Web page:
“No, we won’t be spending Christmas on a cruise ship,” were my words to the boy the other evening. I think we were both disappointed and the husband who was nearby made an audible sound expressing his disappointment. And, while the upcoming holiday season will be without a Disney vacation, there is one in our future.
Yet, with all the hullabaloo about the re-imagined Disney Magic making its debut this week and seeing pictures and videos of the ship’s new features, the longing for a sailing was felt a bit deeper. Click here for links to videos and pictures of the Disney Magic’s newest updates.
We are less than 9 months from our next Disney cruise. I tend to get a bit winey at this stage, lamenting the length of time until we sail again. Maybe 18-19 months between cruises is just too much?
At the same time, I am very grateful that we have had multiple opportunities to sail with Disney. Folks know about our many trips to Walt Disney World, but have fewer questions for us as experienced Disney cruisers. And, just like being a Walt Disney World guest is an acquired taste, it seems cruising is much more of an acquired taste.
We hear concerns about the boat’s safety, sea sickness, being bored with nothing to do, how expensive it can be, dressing for dinner and the packing that entails, visiting foreign ports, and the need for passports. The husband lumps all of the concerns together with a similar response when people don’t use Fastpass; fine, don’t go, makes more room for us. I, on the other hand, try to reassure.
Safety: Disney Cruise Line has an excellent safety record. In fact, they are known for helping others at sea.
Sea sickness: This is real, though while we aren’t bothered, we have seen others. Medications and natural remedies can help. I do great on the water and then have to adjust and get my “land legs” back. I told the husband it means I was meant to live on the sea!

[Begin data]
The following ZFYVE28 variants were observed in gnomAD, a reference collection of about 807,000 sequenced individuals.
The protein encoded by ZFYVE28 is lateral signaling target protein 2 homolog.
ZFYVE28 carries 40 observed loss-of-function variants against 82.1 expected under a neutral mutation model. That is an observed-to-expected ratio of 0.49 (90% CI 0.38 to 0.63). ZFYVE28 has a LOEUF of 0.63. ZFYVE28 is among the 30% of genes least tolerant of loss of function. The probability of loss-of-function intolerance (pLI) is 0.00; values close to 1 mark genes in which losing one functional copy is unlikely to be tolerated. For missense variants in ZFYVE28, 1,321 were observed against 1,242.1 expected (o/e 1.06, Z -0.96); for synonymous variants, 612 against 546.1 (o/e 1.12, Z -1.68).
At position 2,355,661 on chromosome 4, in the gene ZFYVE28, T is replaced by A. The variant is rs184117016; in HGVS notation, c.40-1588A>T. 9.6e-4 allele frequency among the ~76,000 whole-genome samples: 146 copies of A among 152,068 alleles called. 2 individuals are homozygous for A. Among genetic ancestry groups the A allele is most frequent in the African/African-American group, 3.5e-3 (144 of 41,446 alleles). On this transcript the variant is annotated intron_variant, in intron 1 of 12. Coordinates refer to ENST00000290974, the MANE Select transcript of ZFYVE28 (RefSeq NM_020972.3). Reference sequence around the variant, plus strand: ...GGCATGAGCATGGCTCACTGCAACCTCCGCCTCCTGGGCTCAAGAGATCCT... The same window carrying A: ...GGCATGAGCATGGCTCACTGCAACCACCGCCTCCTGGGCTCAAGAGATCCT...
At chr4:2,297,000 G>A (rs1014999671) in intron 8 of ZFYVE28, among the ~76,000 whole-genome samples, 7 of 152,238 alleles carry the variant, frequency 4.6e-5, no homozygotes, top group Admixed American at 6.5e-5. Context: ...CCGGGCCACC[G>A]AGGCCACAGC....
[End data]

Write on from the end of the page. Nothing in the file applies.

Bored, nothing to do: Not on a Disney ship. There are many activities from morning until night. In fact, there is no way to do them all and for folks who want some relaxation, there are plenty of opportunities for that as well.
Expense: Yes, a Disney cruise may seem expensive, especially when everything, including tips/gratuities are on the initial tab. Yet, consider how much a land based vacation that includes dining and entertainment can cost. Add in child care, room service, tips/gratuities, access to parties, Disney characters and determine the total. Are we close yet to the cost of a cruise? Most likely!
Dressing for dinner: Much to our disappointment, Disney Cruise Line recently loosened the dress code expectations for dining in the main dining rooms on the ship to include shorts. There are still dress codes for the adult only restaurants. Will we still be “dressing for dinner”? Yes!
Packing: Since the dress code changes—see above, that isn’t as much of a concern. We have not had issues with packing as that same pair of nice black slacks can be worn more than once during a sailing.
Visiting foreign ports: That is exactly what makes cruising so exciting. A new destination almost daily! Never had we felt concerned for our safety, even when in Mazatlan walking by the armed guards.
Passports: While the cruises in the Caribbean Basin do not require Passports, my stance is that they are a great idea. The convenience outweighs the cost. And, imagine the peace of mind knowing that you do have them just in case there is a need to fly home from a foreign country. A birth certificate would not get you through customs and immigration.
Those are my arguments in response to the comments we get from people who don’t think they want to embark on any cruise. And, I am happy to chat more regarding any other concerns they might have.
In the meantime, counting down until our next Disney Cruise Line vacation.